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Modify your driving to suit the conditions

Just how far you can see ahead and your ability to see what’s happening around you will ultimately dictate what you can do as a driver.
Just how far you can see ahead and your ability to see what’s happening around you will ultimately dictate what you can do as a driver. Robyne Cuerel

THE road environment is constantly changing and as a driver it's something you need to consider each time you get behind the wheel.

Even a road you travel on every day can produce different conditions and hazards each time you drive on it. So it's important not to become complacent.

While there is a potentially endless list of variables that you may encounter on the road, there are a couple of key principles that will put you in good stead should you need to deal with any road environment.

The first is your level of visibility.

Russell White.
Russell White.

Just how far you can see ahead and your ability to see what's happening around you will ultimately dictate what you can do as a driver.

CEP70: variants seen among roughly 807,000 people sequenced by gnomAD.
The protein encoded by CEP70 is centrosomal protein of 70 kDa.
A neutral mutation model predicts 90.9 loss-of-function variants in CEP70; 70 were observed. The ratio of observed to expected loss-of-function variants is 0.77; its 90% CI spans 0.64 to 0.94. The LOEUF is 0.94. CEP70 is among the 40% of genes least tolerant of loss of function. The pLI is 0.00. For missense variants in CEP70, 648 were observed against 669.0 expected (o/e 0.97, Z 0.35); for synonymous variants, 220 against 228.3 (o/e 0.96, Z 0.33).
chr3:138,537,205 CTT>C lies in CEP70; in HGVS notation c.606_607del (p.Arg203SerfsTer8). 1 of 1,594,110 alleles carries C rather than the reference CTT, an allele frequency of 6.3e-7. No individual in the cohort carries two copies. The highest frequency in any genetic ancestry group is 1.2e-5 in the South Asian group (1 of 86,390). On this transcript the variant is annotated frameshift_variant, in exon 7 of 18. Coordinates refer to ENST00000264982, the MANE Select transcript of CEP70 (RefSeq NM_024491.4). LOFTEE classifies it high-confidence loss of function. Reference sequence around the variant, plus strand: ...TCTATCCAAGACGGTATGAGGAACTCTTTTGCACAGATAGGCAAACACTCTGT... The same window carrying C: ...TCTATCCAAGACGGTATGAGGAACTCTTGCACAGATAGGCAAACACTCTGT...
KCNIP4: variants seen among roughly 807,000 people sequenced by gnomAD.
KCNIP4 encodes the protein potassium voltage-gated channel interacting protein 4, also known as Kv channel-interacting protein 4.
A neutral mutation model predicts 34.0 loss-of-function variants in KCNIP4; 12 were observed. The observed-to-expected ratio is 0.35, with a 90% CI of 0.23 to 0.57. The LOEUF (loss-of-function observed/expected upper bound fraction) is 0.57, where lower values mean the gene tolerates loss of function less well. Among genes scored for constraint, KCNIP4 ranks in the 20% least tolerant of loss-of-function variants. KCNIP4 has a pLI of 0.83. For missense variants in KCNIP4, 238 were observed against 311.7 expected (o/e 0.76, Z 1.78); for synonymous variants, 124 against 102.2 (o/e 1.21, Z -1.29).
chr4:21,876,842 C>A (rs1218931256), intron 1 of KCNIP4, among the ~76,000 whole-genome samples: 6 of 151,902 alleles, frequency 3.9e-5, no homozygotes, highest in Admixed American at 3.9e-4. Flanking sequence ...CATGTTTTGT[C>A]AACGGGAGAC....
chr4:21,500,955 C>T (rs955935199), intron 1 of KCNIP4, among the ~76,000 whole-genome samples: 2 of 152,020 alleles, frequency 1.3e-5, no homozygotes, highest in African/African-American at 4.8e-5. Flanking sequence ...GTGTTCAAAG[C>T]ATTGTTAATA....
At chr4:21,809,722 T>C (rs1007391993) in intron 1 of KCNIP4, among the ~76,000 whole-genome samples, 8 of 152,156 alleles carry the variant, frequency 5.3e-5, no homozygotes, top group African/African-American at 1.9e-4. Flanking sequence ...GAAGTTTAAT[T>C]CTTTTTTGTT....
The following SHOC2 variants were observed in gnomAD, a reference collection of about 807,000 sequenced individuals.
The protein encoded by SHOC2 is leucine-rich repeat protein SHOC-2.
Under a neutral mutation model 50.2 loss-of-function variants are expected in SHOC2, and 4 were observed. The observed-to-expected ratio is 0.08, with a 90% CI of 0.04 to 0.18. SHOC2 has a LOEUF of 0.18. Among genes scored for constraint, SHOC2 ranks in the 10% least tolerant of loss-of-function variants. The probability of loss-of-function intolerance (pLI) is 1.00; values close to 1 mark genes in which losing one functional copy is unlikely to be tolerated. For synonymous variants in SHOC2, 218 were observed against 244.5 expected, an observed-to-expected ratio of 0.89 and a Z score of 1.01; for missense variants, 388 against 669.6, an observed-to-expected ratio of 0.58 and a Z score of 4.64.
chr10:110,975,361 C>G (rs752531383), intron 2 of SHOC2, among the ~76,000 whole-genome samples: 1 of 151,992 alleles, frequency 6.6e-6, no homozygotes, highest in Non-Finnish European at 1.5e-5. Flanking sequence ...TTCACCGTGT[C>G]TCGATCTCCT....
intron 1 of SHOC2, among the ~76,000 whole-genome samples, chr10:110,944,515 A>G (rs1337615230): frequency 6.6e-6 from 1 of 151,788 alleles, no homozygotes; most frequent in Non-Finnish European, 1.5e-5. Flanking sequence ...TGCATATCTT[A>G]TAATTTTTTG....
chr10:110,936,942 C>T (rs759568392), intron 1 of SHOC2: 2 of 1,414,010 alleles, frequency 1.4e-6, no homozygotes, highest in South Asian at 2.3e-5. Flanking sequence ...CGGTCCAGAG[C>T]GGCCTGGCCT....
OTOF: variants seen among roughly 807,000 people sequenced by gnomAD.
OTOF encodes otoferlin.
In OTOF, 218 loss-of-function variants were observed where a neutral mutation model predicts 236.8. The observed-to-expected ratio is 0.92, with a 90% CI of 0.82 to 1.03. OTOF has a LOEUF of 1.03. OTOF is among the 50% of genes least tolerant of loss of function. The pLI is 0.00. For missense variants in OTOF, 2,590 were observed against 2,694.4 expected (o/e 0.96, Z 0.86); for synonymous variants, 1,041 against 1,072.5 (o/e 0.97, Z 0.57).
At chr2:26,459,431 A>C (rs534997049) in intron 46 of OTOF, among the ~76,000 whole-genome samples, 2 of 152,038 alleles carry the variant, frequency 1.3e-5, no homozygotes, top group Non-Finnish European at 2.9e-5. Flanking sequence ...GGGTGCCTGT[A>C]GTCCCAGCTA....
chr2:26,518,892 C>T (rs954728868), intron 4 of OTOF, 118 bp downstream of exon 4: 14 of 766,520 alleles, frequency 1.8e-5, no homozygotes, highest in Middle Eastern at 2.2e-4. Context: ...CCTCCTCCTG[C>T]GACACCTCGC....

Weather conditions such as rain, fog or smoke are some of the obvious ones, but there are other scenarios where your vision can be compromised.

These relate to the road environment itself and can include driving at night, other traffic, trees or bushes that block your view of a corner or intersection, the crest of a hill where you can not see what's coming towards you or dust from a vehicle in front of you on a country road.

Aside from visibility, your car's ability to brake, accelerate, steer and grip the road can all be affected by changes in the road surface. Things like water, dirt, gravel, oil, painted surfaces and ice reduce the grip your tyres can achieve.

Of course these are just a few examples and I'm sure you've experienced others as well, however you've probably also noticed that it's not uncommon to see drivers continuing to drive in these conditions without adjusting the flow of their car.

While you can't necessarily control the conditions, you can control what you do behind the wheel.

The most critical aspect is to understand that if grip and visibility are compromised in any way, you must modify your driving to suit those conditions.

It's a case of reducing your speed and increasing your safety margins to a level where you can manage the conditions. 

Russell White's experience in the driver training industry spans more than 24 years. He is widely regarded as one of Australia's leading road safety advocates. His business offers the complete range of driver training and fleet management services, visit driversafety.com.au

Topics:  cars cars news motoring russell white


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